Indeed, the word became largely irrelevant as the asset-strippers of the 90s transformed themselves into more traditional managers and businessman, albeit closer to the Asiatic Chaebol than Western private companies. Of course, the means by which they got their first money and shares is something they prefer to forget. But after all, the hasty privatisation of the nineties in a country without market experience and private capital was saluted by the West in its utopian belief that private property will pave the way to liberal democracy.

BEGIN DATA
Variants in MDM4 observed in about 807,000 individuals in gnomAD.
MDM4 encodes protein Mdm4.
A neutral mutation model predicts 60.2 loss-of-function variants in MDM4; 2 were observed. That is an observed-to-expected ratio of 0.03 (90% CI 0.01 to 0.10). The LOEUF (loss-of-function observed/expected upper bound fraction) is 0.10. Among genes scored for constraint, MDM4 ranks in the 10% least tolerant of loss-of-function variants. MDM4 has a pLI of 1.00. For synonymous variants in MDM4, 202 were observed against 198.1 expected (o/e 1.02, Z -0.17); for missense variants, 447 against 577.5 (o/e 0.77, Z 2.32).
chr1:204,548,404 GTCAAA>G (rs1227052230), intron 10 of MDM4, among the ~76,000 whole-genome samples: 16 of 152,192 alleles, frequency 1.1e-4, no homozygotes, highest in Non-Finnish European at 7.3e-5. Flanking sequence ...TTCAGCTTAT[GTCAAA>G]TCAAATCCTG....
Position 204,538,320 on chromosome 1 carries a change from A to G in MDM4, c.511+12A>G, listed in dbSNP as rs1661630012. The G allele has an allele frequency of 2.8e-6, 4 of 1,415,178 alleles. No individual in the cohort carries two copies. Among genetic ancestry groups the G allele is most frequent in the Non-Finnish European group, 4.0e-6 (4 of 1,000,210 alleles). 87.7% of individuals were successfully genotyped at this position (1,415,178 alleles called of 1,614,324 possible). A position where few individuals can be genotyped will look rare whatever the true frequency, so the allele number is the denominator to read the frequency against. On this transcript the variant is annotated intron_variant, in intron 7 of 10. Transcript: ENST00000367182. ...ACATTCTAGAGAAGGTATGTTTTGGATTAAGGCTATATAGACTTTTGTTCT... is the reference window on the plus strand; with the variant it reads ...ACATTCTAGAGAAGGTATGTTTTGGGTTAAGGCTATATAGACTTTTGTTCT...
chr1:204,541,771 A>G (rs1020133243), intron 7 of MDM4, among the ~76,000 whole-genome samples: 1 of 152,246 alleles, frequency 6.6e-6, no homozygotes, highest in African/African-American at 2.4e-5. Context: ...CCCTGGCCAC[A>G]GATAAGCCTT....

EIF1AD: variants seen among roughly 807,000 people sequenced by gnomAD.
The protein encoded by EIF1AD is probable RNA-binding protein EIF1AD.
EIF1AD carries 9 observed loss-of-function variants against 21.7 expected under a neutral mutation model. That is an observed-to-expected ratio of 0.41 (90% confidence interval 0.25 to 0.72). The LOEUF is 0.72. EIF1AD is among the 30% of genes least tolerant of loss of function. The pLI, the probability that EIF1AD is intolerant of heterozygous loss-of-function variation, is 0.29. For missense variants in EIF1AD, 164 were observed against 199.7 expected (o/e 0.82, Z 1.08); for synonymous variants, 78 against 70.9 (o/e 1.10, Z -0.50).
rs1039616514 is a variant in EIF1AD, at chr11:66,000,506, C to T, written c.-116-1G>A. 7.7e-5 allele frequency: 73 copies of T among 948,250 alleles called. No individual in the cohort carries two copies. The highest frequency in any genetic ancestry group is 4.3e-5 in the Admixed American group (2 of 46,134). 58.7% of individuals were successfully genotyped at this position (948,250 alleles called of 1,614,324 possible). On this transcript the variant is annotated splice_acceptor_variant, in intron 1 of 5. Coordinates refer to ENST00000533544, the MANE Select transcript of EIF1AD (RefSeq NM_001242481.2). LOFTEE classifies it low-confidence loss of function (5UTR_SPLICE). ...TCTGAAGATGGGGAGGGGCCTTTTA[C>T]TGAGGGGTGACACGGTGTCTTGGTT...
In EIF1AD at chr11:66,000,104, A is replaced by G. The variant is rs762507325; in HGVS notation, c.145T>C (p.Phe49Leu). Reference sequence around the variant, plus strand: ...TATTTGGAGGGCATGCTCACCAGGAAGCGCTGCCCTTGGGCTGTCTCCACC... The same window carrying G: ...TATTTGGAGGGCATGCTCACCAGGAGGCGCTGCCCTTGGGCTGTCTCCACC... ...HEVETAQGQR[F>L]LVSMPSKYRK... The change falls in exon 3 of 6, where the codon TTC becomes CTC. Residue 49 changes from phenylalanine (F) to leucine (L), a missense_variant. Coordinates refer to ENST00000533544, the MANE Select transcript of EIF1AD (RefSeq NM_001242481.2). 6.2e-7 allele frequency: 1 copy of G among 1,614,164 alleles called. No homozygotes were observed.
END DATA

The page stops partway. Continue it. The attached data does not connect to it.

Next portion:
Making politics

At the time, oligarchs were making politics in Russia because they literally rescued the federal budget of a bankrupted State and backed (financially and with their media empires) the re-election of Boris Yeltsin as president. Since the election of Putin, those who survived the financial crisis of 1998 have been in the reverse position, thanks to the deal Putin imposed to them a few weeks after his first election. What he wanted was to liberate himself of the oligarchs’ influence, without antagonising a class whose support he needed to face economic hardship. So he told them to stay out of politics and in return get the support of the authorities for doing their business.